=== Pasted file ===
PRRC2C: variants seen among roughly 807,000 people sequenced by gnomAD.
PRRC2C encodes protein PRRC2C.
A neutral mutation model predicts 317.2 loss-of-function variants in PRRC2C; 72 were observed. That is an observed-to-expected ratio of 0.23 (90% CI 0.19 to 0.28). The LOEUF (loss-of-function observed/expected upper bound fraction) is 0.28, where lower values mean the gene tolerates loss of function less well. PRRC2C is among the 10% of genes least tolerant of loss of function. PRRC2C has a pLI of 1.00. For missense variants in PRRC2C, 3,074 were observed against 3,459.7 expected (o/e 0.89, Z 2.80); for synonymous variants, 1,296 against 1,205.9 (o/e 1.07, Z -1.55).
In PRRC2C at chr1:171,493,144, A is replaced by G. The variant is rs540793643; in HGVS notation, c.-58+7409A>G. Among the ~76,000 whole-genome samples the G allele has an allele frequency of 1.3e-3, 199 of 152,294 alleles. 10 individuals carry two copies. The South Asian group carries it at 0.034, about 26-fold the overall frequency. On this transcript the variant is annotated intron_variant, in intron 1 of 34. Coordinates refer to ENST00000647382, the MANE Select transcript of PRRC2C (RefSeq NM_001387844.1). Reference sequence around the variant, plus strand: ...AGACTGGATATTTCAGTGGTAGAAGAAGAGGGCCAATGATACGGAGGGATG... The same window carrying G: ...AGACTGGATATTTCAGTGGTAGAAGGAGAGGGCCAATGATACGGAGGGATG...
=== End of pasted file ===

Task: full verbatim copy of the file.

PRRC2C: variants seen among roughly 807,000 people sequenced by gnomAD.
PRRC2C encodes protein PRRC2C.
A neutral mutation model predicts 317.2 loss-of-function variants in PRRC2C; 72 were observed. That is an observed-to-expected ratio of 0.23 (90% CI 0.19 to 0.28). The LOEUF (loss-of-function observed/expected upper bound fraction) is 0.28, where lower values mean the gene tolerates loss of function less well. PRRC2C is among the 10% of genes least tolerant of loss of function. PRRC2C has a pLI of 1.00. For missense variants in PRRC2C, 3,074 were observed against 3,459.7 expected (o/e 0.89, Z 2.80); for synonymous variants, 1,296 against 1,205.9 (o/e 1.07, Z -1.55).
In PRRC2C at chr1:171,493,144, A is replaced by G. The variant is rs540793643; in HGVS notation, c.-58+7409A>G. Among the ~76,000 whole-genome samples the G allele has an allele frequency of 1.3e-3, 199 of 152,294 alleles. 10 individuals carry two copies. The South Asian group carries it at 0.034, about 26-fold the overall frequency. On this transcript the variant is annotated intron_variant, in intron 1 of 34. Coordinates refer to ENST00000647382, the MANE Select transcript of PRRC2C (RefSeq NM_001387844.1). Reference sequence around the variant, plus strand: ...AGACTGGATATTTCAGTGGTAGAAGAAGAGGGCCAATGATACGGAGGGATG... The same window carrying G: ...AGACTGGATATTTCAGTGGTAGAAGGAGAGGGCCAATGATACGGAGGGATG...